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(CoretuIrr.) COLLEGE JACK. A REMARKABLE, YET TRUE STORY OF THE Penal Records of Van Dieian'a Land. LU C.4PTJIl. I.iCiE. > SYOPSIS OF CIIAPTER I. CHAPTER i--In the wildd ad pictlresque re gion of the east coast of oan Dieman a Land, at the foot of the Fingal Ranges and on the banks of the Hmroyseckle Creek, is situatcd the pleasant homestead of John Edwards one of the oldest and most posperosperous settlers in that country dining the year 1S19. The story opens on the night of the 3rd of May. Mrs. Edwards has been called to Campbell Town to the death-bcd of her sister, Mrs. Gosrage, while her three sons and their only man-servant are also abhent at a remote mar ket town with cattle, learng tMr. Edwards and his daughter, Mary, in charge of the place. In the absence of the former during the day a young fellow of gentlemanly appearance and good address rides up to the homestead, and, saluting Mary, makes enquiries concerning some cattle, he is said to haro lost, at the same time eliciting the information that the place is, comparatirely speaking, unprotected. In the evening about dusk Mary observes her father galloping home at a furious pace evi dently under strongexcitement. On dismount ing he hastily conveys to his daughter the startlingintelligence that a notorions character, known as College Jack, together with two other assigned servants, who have been worhing on a farm owned by the "Barrows" at Falmooth, hare escaped, taking to the bush, after first attacking the homestead, murdering old Mr. Bsrrows and attempting the life of the son, young Tom, who, by the way, is engaged to MaryEdwards. From the description gren by Mary to herfather he at once recognises her visitor as none other than College Jack, and immediately preparations are made to enable them to defend themselves against an expected attack by the outlaws. Firearms and ammu nition are conveyed into a strong log-room at tached to the house and especially built to re sist the attack of bushrangers, which was by no means of uncommon occurrence in the penal days of the colony. The horse was placed in a cellar underground in safety and ready saddled for use in case of emergency. Edwards and his daughter anxiously watch for their ex peeted enemies. CHAPTER IL After a hasty meal the father and daughter left the kitchen with the weapons and went to a peculiar-shaped room at the back of the building. This was a sort of projecting structure which ran out about ten feet on the north side, and from its peculiar formation a view of the surrounding locality could be obtained on every side save that immediately south.. There were three apertures or loop-holes-one in each of the walls, The place was not more than nine or ten feet in width, and there was no mistaking the fact that it was purposely constructed with a view to repelling an attack should one be made on the house and its occupants. "Forewarned is forearmed, Mary, and if College Jack tries any of his tricks with us to-night he will meet with a surprise. I believe he is bad enough for anything. It'slucky young Tom managed to get away as he did and give the alarm. He had a narrow escape, and if they had killed him the district would have been at their mercy for the time being," remarked Ed wards. "Did he tell you about it?" asked the girl, with a sudden interest. "Yes; we heard the story, and I may as well tell you it:--Three months ago when I was at Barrows's place with Fred I heard something about this College Jack, and now I think of it the name he is called by in the official notice is John Tarleton ; so he did not tell you a lie. It convinces me, how ever, that he means mischief or he would not be so careless in letting out who he really is." "Well, Barrows-God rest him gave me a short account of his new ser vant at the time. It seems he was really well brought up and comes from a good family in Yorkshire. He was accused of being an accessory before the fact, I think they call it, in a pecu liarly brutal case of murder. That means he really plotted on the crime, though his was not the hand which did it. Though his guilt was apparently clear enough his skill and cunning, backed up by the influence of his family, were stifficient to save him from thegallows though not from transportas. tion. How the authorities came to send him to such a remote spot as Fal mouth and to a settler like Barrows I don't know. It was not wise, Mary, to say the least of the matter, but the acts of those in authority are not always wise. "When Barrows got him he was in clined to object-pity he didn't-but the fellow was rather engaging in his way and the son, young Tom, took to him in a remarkable way. Barrows had two more assigned servants who seemed to be decent enough fellows, but no doubt this man, Tarleton, soon got them in his clutches. Both father and son began quickly to put un bounded trust in their new servant and he appeared to merit it. Considering the manner in which he had been brought up the fellow deserved credit for the way he worked, and up till yes terday there was not the slightest sus picion in the minds of Barrows and his son that any evil was intended. "You know what a queer sort Bar row was. He used to do nearlyall the household work himself and since the death of his wife, nearly six years ago, his homestead has been a regular bachelor's hall. "Yesterday morning shortly after daylight young Tom left the house to try and get a shot at some duck on the river, and he did not return for nearly three hours. On going back he turned down by the swamp paddock where the men should have been at work, but oomewhat to his surprise they were not there. Considerably puzzled he was going towards the hIouse when Carlo, ihe old man's favorite dog, met him and at the first glance he saw the creature was wounded. A short ex amination was sufficient to show it had been stabbed and the wonder is the wound did not prove fatal sooner than it did as the knife had penetrated almost through its body. The sight of the blood and the brutal injury coupled Kans has fs20 women holdling office as Co'rnly .perintendents of public inosttuclita,

with e f,.t oai t:"e ,n.un's at.cnc~ caused a tcrribc ficn: to, take possession of him and he decided to be cautious. Something serious had taken place in his absence he felt sure, but of its nature lie was necessarily ignorant as may be imagined. The violence used to the aog was sufficient to fill him with dread, but lie could not find it in his heart so he told me-to give voice to the hor rible suspicion which fill upon him. "If he had not taken the round to visit the swamp paddock he would have returned to the house by an op posite path' to the one he was now tak ing. Instead of going towards the front part of the building he would have returned towards the back. When he came to the edge of the clearing around the homestead his suspicions had gathered strength for there was not the slightest sign of any living being to be seen; yet he decided on a most foolish step-the wonder being he did not lose his life in carrying it out. His anxiety for his father prompted him to risk his life in trying to ascertain if any thing had occurred, and to do that he must go to the house. "The dog which had, so far, fol lowed now crawled into the long grass and quickly died, and this made the young fellow all the more eager to probe the mystery to the bottom. See ing that his gun was ready for use if necessary, he went boldly out of the scrub and walked quickly towards the house which he reached in a couple of minutes The front door was closed and probably locked, but the window of the bedroom close by was easily opened and he stepped noiselessly through into the chamber. It was not occupied and the silence of death was on the place. He was about to turn from the room to the back when the sound of a voice fell distinctly on his ears-'The young 'un is a long time coming back,' were the words spoken. 'Oh, we can afford to wait now the old fellow is out of the way,' returned an other voice which Barrows at once re cognised as that of College Jack, or Tarleton, as I suppose his real name is. "Tom knew at once that a tragedy had taken place, but how was he to act ? The gun might hold the life of one man, but there were three to be reckoned with and he well knew they would be armed, for as he glanced at the wall where the weapons were usually hung he saw they were missing. His first feeling was to rush into the room where the men-murderers, per haps-were, and if necessary die in avenging his father's death. Then he reflected that after all the old man might not have been killed but only kept a prisoner, and if he acted rashly it would injure him. As he was in this state of painful doubt the voice of Tarleton again reached him-' We must get to the ranges to-night. There will be no use to lose time here,' he heard. A man, whom he knew as another of his father's servants, objected to quit ting the place so soon-" When we put the young 'un out of the road what is the need of rushing away like that The ranges will not be very comfortable -not half so good as this-and I say we should stop here and enjoy ourselves while we can. No one will come here for weeks.' "This put the intentions of the men beyond all doubt, and, seeing the fool ishness of risking his life in an unequal struggle, Tom resolved to slip round to the stables and get a horse, steal away to Thompson's and bring back his friends in force enough to capture the assassins, as he regarded them. Going quietly back he was in the act of getting through the window when his foot slipped and he fell against the frame shattering the thin glass. The noise could have been heard a couple of hundred yards distant, and, knowing the result, Tom set off at full speed for the shelter of the scrub he had lately quitted. Before he could reach it two shots were fired at him but both missed, and as he plunged into the thicket he looked back and saw the three ruffians just starting after him. Thompson's house is nearly six miles from Barrows' homestead, and the convicts knew this, but in young Barrows they had a per fect deer. "He quickly increased the distance between them, and when after a chase of a mile they saw it was useless to think of overtaking the fugitive they stopped and returned to the house. Packing up a quantity of food and other articles, they took the three best horses on the station and made off. Three hours after his escape from the place young Barrows returned with Thomp son, his two sons and three of the men in his employ. The homestead was surrounded, but of course the villains had fled. Poor Barrows was found in the kitchen quite dead. He had been stabbed to the heart. As it was almost dark when this was accomplished no thing could be done until this morning, when Barrows and one of the Thomp sons set out to warn the settlers and send word to the authorities of the out break," concluded Edwards. " What a narrow escape he had," re plied Mary. "Yes; if it had not been for the poor dog he would not be in this life now, and indeed that fact-or rather warn ing-would not have saved him if the scoundrels were not watching from the back of the house in the direction they expected himto return. Ifoneofthem had strolled to the front and seen the young fellow coming across thle clearing it would have been certain death to him. The most singular part of the business is the utter absence of motive for the crime. Barrows treated his men very well, and on no occasion was the least complaint ever made to him. From what the young fellow says they were quite a happy family, and it must be only the pure villainy of Tarleton which caused the outrage. Apparently he wants to be a sort of free and inde pendent bandit, but he'll soon find out his mistake. If-. Halloa, what's that ?' Edwards said, breaking off abruptly from his comments. "I-Hand me the rifle, Mary, and keep here close to the wall. I can see something mov ing near the cattle-shed. Don't you notice it ?" "'Yes, and it's a man, father," the girl, whose eyesight was keen, replied, a little excitedly. "Well, keep cool, mygirl. W\e have the whip hand of them to-night and no mistake. We ougl t to thank our lucky stars for this. Yes, I see another two-. The three scoundrels are over by the small shed, and I'm blest if they are not quietly tying up the horses. My best plan will be to fire on themn at once." "Iight theiy not he friends, fatheir ? It would be drradffl iifyon s:hot anyone wrho did not in:tend harm,' the ghil in terruptled. "You may be right, Mary, but in a PErisibane rpoesr to incur an expenditure of £50,000 tot wood prving.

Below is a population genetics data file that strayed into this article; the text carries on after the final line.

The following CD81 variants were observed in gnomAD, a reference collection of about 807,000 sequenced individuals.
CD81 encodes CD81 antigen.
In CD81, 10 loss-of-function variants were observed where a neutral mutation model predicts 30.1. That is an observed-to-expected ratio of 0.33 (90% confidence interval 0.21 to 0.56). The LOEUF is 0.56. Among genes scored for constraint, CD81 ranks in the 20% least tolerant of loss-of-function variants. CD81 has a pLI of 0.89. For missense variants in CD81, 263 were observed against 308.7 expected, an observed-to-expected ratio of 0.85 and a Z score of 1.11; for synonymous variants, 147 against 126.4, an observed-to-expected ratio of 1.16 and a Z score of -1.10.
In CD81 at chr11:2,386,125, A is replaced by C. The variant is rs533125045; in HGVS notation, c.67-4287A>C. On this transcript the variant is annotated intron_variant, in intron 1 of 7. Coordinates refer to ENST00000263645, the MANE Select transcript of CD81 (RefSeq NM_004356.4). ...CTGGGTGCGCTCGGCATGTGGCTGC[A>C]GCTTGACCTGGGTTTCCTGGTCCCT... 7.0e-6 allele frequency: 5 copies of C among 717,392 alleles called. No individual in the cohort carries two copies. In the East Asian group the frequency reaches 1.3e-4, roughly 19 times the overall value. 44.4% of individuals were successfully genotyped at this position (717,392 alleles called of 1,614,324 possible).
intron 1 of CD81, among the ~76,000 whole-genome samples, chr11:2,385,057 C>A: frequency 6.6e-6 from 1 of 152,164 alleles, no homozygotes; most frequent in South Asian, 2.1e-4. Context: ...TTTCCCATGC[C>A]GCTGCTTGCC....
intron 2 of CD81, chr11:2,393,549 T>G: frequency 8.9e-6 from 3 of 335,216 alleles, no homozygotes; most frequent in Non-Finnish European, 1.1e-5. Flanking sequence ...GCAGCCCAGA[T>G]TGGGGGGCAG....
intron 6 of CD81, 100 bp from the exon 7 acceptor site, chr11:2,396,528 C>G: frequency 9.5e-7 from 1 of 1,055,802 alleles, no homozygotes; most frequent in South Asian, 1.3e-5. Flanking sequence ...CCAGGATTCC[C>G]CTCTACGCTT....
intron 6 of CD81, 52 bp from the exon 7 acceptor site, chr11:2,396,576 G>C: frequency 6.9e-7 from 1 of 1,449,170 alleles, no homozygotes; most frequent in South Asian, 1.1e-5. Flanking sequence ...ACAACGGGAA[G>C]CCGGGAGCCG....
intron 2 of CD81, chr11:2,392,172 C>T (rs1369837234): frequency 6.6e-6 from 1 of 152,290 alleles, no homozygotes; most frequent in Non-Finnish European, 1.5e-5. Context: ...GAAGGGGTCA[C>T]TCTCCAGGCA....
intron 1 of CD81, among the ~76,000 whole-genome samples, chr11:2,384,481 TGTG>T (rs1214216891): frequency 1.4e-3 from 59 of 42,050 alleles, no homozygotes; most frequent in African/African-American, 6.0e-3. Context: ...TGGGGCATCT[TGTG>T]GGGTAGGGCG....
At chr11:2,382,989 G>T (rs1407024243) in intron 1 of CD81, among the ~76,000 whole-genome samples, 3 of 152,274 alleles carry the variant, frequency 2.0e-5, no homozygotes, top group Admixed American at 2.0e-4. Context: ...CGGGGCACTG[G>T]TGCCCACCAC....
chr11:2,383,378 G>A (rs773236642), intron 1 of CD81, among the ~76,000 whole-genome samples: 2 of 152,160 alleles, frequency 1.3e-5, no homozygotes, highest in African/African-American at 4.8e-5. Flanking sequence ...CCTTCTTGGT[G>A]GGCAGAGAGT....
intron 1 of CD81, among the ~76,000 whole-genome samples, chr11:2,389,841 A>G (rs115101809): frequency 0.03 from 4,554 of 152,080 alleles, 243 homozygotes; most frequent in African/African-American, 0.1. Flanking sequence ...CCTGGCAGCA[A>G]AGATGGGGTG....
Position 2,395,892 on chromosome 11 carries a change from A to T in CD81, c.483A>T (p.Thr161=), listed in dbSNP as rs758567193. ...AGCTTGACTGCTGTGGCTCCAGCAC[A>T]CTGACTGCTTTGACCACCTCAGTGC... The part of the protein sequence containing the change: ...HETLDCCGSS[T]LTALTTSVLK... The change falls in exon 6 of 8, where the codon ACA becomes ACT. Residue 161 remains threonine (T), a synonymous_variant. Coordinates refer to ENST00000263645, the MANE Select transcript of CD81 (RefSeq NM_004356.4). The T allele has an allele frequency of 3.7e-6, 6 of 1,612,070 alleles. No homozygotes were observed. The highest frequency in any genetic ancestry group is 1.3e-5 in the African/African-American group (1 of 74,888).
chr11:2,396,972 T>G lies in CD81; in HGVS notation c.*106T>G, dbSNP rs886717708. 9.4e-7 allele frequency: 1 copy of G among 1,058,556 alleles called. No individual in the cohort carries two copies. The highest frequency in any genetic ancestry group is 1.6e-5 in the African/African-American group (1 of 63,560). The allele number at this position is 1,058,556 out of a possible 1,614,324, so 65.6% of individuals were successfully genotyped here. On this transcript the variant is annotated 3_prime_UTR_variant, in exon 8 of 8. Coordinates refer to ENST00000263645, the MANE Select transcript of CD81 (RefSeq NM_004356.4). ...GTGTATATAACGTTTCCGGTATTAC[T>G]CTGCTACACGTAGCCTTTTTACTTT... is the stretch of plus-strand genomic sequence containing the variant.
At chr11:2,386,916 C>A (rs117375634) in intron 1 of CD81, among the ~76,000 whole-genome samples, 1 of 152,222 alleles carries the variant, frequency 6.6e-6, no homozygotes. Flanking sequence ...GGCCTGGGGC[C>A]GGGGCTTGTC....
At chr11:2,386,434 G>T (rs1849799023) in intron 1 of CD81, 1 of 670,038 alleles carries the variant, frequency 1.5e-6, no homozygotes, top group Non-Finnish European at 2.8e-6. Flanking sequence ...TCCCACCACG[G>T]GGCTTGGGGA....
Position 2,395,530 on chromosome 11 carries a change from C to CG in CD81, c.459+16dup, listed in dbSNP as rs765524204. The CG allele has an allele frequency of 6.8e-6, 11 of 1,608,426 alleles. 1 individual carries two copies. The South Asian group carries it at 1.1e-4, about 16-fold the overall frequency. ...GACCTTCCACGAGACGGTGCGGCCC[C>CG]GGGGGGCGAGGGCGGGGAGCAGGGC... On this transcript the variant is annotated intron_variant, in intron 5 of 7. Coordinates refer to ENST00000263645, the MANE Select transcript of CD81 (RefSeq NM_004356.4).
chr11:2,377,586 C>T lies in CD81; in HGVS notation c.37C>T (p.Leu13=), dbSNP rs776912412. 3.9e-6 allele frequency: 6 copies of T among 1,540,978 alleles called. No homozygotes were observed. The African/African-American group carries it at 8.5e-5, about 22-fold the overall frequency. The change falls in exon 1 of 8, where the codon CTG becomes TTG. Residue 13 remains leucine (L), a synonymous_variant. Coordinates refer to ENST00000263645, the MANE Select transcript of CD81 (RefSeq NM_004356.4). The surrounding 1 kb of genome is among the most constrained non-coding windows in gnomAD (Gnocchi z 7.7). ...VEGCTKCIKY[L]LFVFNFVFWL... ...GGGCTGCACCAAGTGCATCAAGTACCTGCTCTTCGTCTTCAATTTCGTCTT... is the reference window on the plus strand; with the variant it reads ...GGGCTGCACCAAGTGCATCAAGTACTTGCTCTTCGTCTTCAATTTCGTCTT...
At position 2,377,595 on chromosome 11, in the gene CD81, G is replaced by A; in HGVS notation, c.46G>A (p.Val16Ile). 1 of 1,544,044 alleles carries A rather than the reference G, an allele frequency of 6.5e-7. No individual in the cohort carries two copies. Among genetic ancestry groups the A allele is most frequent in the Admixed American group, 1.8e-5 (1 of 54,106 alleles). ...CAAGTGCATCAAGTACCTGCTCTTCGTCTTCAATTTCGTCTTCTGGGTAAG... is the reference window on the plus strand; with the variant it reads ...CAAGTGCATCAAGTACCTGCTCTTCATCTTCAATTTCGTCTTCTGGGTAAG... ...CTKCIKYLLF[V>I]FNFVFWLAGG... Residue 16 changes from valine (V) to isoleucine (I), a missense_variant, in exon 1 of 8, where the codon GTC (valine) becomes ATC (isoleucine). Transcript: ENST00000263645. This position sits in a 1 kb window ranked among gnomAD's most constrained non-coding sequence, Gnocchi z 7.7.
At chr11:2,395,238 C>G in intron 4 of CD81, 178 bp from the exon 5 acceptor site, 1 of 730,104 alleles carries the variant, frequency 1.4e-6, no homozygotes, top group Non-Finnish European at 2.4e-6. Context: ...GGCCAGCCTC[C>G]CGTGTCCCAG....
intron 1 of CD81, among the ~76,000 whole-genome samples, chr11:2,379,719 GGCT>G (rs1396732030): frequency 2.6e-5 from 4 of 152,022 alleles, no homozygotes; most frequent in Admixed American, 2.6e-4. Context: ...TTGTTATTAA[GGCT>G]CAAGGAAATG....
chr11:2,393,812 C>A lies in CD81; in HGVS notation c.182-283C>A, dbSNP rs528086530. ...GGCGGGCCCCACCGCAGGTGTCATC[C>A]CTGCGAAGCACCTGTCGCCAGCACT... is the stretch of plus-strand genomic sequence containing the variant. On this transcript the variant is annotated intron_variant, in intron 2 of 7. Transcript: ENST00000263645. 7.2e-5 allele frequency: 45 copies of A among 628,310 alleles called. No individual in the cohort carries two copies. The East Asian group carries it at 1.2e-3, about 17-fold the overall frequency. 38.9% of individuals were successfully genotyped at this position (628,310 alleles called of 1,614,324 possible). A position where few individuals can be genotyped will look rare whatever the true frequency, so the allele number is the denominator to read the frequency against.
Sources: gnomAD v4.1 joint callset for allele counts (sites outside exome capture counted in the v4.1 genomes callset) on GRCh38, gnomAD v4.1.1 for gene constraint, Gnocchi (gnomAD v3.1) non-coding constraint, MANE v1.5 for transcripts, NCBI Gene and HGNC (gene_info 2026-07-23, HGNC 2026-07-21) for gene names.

::aUe hke this the best plan is to get in the first h!ow and the sooner you strike thebetter. You may be certain they are not friends; but I'll let them come near enough to prevent the possibility of making a mistake," answered Ed wards. The three visitors did not seem to expect attack, for after securing the horses in the cattle shed they quietly advanced towards the house to the door opposite which the horseman had been a few minutes before. As the starlight fell upon then both, Edwards and his daughter could see they carried fire arms, and when about seventy yards away the settler decided they should not approach nearer if ire cou(ld help it. Raising the rifle which the girl handed him he took the best aim possible and fired, but almost before the echoes had died out three reports were heard and at the same moment the old man fell back with a stifled groan. "My luck is out, Mary; but never mind, lass. Take your place here and if you see a shadow fire at it. Where are they now ?"' "They have run back towards the shed; but oh, father, what is the matter -you are hurt? Don't snay a bullet has struck you !" the girl cried. "It's nothing, Mary. Get me that pillow from the sofa and I'll lie down. That will be best. Hand me the gun there and keep a look out, but be care ful they don't pot you," Edwards re plied, striving to suppress a groan. The old settler's luck was indeed out, for the chance bullet from the volley had pierced his right breast and the lungs were perforated. He was, in short, fatally wounded, and Edwards well knew it but hesitated to tell his daughter so. "Time enough," he muttered, "time enough. She will need all her courage now. I suppose my time had come or the shot would not have hit me, and I must have missed that fellow. I be lieve it was Tarleton. Do you see them, Mary?" he added, raising his voice. "Not a sign, father. Can't I shut these loop-holes and look after, you. Perhaps they have gone away though; the horses are still tied up. Let me attend to you, father," came the answer. "No, Mary; I'm right enough. You can't do anything for me. Keep watch, girl, keep watch. It the scoundrels creep up they might set fire to the house. Open this shutter here and look around this side," the father said, nodding towards the opposite wall. The small oil-lamp was close to the shutter, and, taking it down, Mary Ed wards placed it where she could see her father's face and shaded the flickering light so that it could not illuminate the small chamber. The girl was shocked to notice the change which had come over her father, but recognising the desperate position of them both she re frained from making any great fuss at the time. After this was done she care fully opened the strong slide which covered the loop-hole and glanced out. For a few moments nothing was to be seen, but as her eyes became more ac customed to the outside light, dim and uncertain as it was, the girl became aware that some object was creeping slowly towards the back door. It was in the shadow thrown by the side wall and this rendered the outside line in distinct. Bending near her father she whispered to him what she saw. "Take careful aim and fire, Mary. Shoot it if you can, for whatever it is it has no right there. Do the best you can for our lives now depend upon you," he faintly replied. Poor fellow, he well knew his own life was almost at its end, and he had no doubt the creeping figure was one of their deadlyr foes but he did not care to make the girl certain on the point, though she must have guessed. Rest ing the musket on the ledge of the aperture Mary, who had a. little know ledge of the weapon from the tuition given by her brothers at different times, fired at the indistinct object and the re sult was tragical. As the explosion flashed ont a hor rible yell followed, and the form of a man sprang into the air only to fall an inert mass. The bullet had done its work well. Almost immediately after another shot was fired from the cow shed where one of the men was in hid ing, but it did no injury. -'Did you kill him, Mary? I hope so, for it may drive them off," the old man asked in broken gasps. "I think so. He is lying still near the wall," she answered, with a slight shudder. "Don't be afraid, my girl; if you don't kill them they will kill us. It is a matter of life and death, and imagine you are dealing with wild beasts and not with human beings. Keep up your spirits, girl, and tell mother I died fight ing for our home." "Died! Don't talk like that, father -oh, don't talk of dying ! Where are you shot. Let me see ?" Mary cried, raising the lamp and throwing the light around. Its beams revealed the life's stream which was ebbing from the dying man, for John Edwards had not many minutes to live; yet he was self-sacrific ing to the last. "Don't bother about me, lass. If those two fellows are not kept at arm's length we'll both die. If you care for me, keep watch; for I'm afraid they will not go away unless you have been lucky enough to kill Tarleton. Tihe more you worry aboutme the worse I'll be," he concluded. iThus adjured, Mary Edwards again took up the watch, but her heart felt as heavy as lead. The night wore on and before iz o'clock, finding tihe horses were still tied up in thie shed which was open towards the house, Edwards told hIis daughter to fire on them. This shre at once did, and tirhe second shot broughlt one of them down. In half a minlute the btushrangcrs had removed the other two to a pilace of safety; and t:e fact that they nmust ihave been round to the south side of the house trying to clfct an entrance filled her with dread as it sihowed how deter mined they wecre in thIe Iiurauit of plunder, or perhails now rCven-,e. A quarter of an helur after thIe horses were removed John Edwards, in a choking whisper, called hIis dlaughter. SIi'm going, Mary, irut don't Ibe afraid. Tell nmother and the Iovs I died happy -that is if you'll do as I sa'. As soon as Irm gone slip into thile cellar and get the horseand mnake for the Point. iYou nrust get out of this as soon as possible. I'I soon be reveniged. My boys will-," A rush of bilood stopped hIis utter ance, al:d in a fesw momtents John IEd irards had passed away to the mystcri S~s world beyond the grave. lie left ihe brave mressage that he died happy, sir truth hlie could scarcely have done so l, nowiisg thIe terrible plight of his cnly and youngest child. C J 2 (To 0E CONTINUE' Last year 1055 pitents were aopplied for in eonnection with cycle conastrction.